There have been a number of recent studies that highlight the relationship between parental affection and children’s happiness and success. READ MORE ON STUDY
How we touch, hold and gaze into the eyes of our infants, from the moment they are born, is imperative in building healthy attachment. As our children grow and develop every interaction we have will shape how they will relate to us and others. This will form relationship and relatedness. Our connections and relationships that we build throughout our lives are the key to long term brain health and bodily well being.
“Touch has a memory.”
― John Keats
We touch our babies in all of their senses. We touch their skin and hold their bodies. We touch their eyes with the gaze of our own. We touch their ears with the energetic quality and emotional tone of our words and voice. The resonance of a voice is felt to the bone. Think of the feeling in your body as you hear kind and quiet love. Now think of how it feels to experience loud harshness. The smell of us, the taste of us, touches their being and creates the bond that will grow and deepen over time.
As the child grows and develops language they will develop their own tone. As our babies grow through infancy and into toddler hood they will develop their own expressive qualities. Their own vocal resonance. Their own gestures. And much of these expression will be acquired through what they learned from us and what was modeled in our home.
The Tone of Our Home
Infants understand the emotional tone of a home by the time they are 6-months. This is extraordinary to me. The emotional tone is felt through the senses of the baby starting in utero. Through the newborn’s experience in our arms, in our eyes and in our homes. Every interaction teaches the child emotional tone. Emotional tone is felt – human to human – in the following ways:
- The tone of voice. Volume, quality, cadence, pacing, and vocal quality of our vocal expressions.
- The tone of the gaze. How we are feeling can be transmitted through a simple gaze with no words at all.
- The muscle tone of our face. Facial expressions hold many emotions and ofttimes without a word having to be spoken.
- The muscle tone of our body. Our body posture, how we hold our head on our shoulders, our shoulders on our torso, and so on – says so much of our internal emotional lives.
Through our senses we touch others with the list above. For example; our voice touches and/or pushes someone away. The look on our face or bodily stance can have similar effect on others in our lives.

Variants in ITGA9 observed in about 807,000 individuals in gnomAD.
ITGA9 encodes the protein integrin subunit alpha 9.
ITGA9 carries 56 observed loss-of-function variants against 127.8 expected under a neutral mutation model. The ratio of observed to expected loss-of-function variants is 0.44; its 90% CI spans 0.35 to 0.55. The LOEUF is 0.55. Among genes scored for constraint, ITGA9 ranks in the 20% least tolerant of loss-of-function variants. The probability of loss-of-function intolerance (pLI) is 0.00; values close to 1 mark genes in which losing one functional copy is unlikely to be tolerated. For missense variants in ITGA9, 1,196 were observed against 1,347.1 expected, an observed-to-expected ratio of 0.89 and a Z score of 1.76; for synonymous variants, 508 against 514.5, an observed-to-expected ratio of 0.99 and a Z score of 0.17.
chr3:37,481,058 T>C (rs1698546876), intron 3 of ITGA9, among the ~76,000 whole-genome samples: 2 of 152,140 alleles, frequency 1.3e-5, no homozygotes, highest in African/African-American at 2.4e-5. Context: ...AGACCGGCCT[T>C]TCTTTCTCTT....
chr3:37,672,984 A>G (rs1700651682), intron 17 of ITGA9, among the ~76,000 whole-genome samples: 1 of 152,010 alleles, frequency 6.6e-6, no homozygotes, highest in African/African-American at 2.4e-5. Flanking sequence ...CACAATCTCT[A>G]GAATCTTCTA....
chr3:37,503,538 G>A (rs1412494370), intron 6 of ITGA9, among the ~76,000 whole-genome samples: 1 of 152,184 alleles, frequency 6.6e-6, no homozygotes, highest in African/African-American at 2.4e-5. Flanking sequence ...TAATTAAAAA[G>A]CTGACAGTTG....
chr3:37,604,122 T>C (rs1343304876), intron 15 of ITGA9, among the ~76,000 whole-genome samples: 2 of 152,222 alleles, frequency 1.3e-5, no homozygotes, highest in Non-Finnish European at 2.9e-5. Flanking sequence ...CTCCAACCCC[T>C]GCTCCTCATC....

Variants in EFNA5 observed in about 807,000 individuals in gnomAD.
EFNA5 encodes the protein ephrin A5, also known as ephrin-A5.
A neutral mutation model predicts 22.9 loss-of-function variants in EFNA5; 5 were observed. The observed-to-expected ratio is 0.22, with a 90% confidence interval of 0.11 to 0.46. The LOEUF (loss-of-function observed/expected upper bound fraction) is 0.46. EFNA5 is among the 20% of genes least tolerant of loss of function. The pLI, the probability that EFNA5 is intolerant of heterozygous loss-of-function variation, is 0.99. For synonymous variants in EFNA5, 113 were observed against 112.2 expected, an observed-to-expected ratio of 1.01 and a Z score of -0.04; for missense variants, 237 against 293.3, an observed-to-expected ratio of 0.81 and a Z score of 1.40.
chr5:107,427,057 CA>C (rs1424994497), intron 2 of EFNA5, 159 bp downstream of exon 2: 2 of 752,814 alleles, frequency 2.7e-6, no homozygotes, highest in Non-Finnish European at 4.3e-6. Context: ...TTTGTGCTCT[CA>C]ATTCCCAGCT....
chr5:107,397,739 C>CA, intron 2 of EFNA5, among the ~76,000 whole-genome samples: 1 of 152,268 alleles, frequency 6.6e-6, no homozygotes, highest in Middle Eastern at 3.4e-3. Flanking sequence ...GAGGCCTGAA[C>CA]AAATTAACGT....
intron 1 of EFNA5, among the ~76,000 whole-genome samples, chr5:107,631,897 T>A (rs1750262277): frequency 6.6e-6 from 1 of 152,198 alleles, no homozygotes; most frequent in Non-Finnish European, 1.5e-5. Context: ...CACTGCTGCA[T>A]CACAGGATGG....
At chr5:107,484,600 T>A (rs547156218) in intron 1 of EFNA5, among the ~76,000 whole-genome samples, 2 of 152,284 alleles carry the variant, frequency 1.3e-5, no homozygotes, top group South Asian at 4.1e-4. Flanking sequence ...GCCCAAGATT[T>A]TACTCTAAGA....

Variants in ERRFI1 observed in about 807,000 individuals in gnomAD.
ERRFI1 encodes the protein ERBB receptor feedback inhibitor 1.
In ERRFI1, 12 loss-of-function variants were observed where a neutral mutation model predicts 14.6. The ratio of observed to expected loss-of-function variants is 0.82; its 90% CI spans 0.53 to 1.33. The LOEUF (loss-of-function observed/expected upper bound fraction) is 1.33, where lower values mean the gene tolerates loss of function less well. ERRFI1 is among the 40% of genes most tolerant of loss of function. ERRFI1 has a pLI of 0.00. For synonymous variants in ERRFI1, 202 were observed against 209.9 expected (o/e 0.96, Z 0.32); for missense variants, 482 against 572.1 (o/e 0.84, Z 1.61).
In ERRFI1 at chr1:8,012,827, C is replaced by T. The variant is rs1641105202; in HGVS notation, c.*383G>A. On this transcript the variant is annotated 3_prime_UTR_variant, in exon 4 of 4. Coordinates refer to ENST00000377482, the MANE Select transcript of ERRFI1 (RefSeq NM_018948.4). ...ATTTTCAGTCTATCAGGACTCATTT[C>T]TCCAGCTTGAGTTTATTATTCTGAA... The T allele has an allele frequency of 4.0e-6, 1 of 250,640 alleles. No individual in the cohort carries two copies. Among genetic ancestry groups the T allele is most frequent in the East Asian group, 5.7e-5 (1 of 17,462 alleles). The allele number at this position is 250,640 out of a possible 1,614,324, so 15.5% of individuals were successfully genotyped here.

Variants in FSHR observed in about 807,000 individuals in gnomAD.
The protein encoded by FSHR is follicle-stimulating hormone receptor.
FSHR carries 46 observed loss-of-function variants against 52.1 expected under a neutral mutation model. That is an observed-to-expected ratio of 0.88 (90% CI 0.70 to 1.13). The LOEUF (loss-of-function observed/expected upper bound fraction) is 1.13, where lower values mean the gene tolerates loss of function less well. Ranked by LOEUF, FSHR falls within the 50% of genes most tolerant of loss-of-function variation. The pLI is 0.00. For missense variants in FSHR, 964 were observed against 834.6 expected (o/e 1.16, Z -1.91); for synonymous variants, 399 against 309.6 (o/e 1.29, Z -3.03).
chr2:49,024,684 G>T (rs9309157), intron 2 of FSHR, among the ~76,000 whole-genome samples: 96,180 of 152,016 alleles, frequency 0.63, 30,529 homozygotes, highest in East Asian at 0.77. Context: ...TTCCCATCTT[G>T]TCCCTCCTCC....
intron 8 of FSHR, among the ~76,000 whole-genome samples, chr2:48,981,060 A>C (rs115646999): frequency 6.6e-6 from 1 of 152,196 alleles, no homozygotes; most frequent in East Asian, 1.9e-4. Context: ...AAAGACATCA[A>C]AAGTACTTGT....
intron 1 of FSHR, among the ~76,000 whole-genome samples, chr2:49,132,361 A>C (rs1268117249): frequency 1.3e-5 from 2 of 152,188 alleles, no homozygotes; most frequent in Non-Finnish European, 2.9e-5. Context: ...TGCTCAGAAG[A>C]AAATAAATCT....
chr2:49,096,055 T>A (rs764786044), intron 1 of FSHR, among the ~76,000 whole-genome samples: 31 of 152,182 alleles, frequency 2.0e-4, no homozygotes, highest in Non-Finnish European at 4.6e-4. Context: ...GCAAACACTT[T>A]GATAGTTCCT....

As We Grow Together and Learn Together
Parents and children continue to grow and strengthen our attachment and bond. We also continue to set loving limits, hold firm boundaries and follow through on consequences. The tone of our communications can make all the difference in such interactions.
I was taken by this passage in the article.
Another interesting idea is to use affection while disciplining your child. As you talk to them about what they did wrong, put your hand on their shoulder and give them a hug at the end of the conversation to ensure them that, even if you are not pleased with their behavior, you still love them. If your children hit their sister or brother, hug them and explain how hugging feels better than hitting.
This is well intentioned and yet I see a danger in this passage. I see a real opportunity for mixed messages and confusing interactions for children. This is where we as parents need to become highly aware of what is called meta communication.
Metacommunication is all the nonverbal cues (tone of voice, body language, gestures, facial expression, etc.) that carry meaning that either enhance or disallow what we say in words.
And here is the deal – when we mix discipline with affection signals can easily get crossed and boundaries can easily become blurred. This is a tricky and subtle part of parenting and where keeping it simple can provide more clarity for the child.
I agree with the intention of the above passage I disagree with the way this could be carried out. The video below is a good example of how this can become confusing.
Here again, although I see the intentions of this well meaning father, I also have some questions.
Is he helping his daughter deal with her anger?
Is his overall tone congruent with the message he is trying to express?
I’m confused, is the message here that anger is OK or is anger something that needs to be changed?
Is this communication about the father or the child?
Does this sound authentic?
Could his intentions be expressed with fewer words?
Do you see empathy that is easily understood by a child this age?
If you were this child would you feel seen, heard, respected, empathized with and reassured?